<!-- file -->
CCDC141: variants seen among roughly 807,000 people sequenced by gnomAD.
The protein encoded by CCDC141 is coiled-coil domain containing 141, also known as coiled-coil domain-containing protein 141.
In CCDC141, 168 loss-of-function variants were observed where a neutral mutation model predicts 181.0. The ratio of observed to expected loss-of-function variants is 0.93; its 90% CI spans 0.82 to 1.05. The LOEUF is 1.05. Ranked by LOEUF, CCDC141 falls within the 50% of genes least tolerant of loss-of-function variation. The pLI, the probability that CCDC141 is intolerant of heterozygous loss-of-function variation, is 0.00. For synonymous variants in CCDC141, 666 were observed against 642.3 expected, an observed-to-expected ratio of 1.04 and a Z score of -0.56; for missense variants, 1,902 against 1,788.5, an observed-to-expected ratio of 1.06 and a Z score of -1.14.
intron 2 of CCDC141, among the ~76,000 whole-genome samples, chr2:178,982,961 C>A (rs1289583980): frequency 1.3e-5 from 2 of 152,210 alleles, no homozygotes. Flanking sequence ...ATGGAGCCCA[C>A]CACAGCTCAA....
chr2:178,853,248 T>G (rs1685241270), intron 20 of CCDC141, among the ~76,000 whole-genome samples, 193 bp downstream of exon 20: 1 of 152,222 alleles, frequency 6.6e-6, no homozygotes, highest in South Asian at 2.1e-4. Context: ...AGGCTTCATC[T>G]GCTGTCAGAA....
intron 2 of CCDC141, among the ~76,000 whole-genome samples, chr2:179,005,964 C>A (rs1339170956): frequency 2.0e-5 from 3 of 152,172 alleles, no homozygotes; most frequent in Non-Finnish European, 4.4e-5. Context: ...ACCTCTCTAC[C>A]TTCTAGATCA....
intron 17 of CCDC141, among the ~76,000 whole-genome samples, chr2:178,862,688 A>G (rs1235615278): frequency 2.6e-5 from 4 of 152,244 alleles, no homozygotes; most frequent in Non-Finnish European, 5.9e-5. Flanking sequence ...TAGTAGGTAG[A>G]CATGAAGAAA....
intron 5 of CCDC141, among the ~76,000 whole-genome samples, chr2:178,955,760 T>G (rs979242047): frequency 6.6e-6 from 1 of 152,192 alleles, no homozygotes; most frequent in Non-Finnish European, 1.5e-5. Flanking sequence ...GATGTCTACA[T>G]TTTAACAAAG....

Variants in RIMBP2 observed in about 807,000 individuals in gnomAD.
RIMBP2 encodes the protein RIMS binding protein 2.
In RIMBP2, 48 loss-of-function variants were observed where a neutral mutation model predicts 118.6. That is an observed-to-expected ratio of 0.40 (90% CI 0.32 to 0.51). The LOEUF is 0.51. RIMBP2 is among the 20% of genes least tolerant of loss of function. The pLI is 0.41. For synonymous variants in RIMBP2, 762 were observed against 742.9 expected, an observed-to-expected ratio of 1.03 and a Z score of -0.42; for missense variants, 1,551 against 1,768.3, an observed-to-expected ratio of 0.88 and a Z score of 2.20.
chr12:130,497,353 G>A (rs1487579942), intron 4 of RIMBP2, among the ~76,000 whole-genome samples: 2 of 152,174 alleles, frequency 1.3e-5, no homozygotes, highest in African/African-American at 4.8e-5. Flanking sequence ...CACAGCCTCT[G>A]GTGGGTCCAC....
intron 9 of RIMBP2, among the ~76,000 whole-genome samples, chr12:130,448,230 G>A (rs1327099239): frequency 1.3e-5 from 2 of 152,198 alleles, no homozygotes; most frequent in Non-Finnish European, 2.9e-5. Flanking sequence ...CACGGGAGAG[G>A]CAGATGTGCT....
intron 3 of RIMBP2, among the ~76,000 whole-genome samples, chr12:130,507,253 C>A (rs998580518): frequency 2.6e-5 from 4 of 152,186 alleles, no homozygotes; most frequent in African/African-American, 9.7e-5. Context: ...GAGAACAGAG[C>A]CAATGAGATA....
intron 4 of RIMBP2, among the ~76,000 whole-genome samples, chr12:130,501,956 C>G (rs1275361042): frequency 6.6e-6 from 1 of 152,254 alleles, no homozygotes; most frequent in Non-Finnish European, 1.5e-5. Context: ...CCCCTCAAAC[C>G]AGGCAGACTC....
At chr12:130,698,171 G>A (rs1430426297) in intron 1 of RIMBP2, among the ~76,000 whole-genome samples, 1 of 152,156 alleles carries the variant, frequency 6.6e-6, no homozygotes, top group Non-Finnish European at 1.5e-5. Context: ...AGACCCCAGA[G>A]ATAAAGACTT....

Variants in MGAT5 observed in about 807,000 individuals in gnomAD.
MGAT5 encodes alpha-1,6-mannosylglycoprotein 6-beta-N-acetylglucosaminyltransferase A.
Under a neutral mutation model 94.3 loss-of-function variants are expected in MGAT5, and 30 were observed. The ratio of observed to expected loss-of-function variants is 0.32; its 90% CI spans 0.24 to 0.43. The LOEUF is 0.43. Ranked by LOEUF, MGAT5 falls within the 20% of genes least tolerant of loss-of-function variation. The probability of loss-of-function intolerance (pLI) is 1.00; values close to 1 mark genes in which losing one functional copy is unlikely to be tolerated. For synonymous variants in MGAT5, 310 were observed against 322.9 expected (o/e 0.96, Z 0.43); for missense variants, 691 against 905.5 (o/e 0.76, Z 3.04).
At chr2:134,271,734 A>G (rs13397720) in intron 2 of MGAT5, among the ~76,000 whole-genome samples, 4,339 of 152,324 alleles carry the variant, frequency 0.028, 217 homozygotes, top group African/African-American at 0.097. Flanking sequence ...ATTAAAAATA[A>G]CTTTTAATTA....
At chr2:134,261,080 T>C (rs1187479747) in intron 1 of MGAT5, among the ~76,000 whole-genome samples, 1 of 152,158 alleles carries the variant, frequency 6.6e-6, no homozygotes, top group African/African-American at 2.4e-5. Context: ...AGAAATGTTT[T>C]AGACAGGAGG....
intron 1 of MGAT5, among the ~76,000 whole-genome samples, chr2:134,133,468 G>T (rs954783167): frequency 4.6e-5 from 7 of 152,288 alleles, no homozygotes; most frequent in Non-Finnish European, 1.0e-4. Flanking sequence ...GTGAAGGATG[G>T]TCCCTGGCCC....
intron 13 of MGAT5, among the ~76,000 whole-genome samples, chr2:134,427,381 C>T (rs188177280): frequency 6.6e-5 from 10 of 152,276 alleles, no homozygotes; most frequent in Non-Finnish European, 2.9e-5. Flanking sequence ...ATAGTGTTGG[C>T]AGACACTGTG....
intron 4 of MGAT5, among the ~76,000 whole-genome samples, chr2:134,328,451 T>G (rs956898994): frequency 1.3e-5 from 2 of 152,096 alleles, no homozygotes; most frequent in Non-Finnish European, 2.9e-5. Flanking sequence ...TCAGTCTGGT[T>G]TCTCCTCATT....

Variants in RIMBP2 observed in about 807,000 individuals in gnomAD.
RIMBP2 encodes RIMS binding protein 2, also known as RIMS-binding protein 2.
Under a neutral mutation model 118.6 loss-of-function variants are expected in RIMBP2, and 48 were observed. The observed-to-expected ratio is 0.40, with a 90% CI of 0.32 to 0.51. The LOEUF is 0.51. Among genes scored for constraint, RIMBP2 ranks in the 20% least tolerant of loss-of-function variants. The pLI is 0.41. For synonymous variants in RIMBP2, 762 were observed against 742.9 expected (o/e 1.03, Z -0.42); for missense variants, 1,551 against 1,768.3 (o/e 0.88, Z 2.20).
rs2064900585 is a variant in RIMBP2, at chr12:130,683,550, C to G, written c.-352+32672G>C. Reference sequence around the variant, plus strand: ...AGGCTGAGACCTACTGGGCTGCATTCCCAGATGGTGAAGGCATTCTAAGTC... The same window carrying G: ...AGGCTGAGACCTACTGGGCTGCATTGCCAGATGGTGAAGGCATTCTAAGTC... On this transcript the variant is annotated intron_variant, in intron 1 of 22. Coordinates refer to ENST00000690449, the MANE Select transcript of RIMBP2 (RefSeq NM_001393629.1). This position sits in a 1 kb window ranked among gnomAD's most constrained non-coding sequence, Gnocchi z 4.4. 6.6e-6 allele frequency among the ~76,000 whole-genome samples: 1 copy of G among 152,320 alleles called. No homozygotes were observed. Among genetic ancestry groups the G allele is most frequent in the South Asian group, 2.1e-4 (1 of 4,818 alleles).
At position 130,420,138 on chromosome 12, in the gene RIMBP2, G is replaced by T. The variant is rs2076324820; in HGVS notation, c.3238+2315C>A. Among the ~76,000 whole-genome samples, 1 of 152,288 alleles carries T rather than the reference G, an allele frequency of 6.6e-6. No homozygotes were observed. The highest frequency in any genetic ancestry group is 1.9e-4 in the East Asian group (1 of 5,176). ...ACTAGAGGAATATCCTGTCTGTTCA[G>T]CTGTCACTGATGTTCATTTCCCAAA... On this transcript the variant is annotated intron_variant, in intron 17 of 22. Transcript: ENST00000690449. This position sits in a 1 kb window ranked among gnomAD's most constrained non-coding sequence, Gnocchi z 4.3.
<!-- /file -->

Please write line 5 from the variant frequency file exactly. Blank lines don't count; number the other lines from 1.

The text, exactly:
chr2:178,853,248 T>G (rs1685241270), intron 20 of CCDC141, among the ~76,000 whole-genome samples, 193 bp downstream of exon 20: 1 of 152,222 alleles, frequency 6.6e-6, no homozygotes, highest in South Asian at 2.1e-4. Context: ...AGGCTTCATC[T>G]GCTGTCAGAA....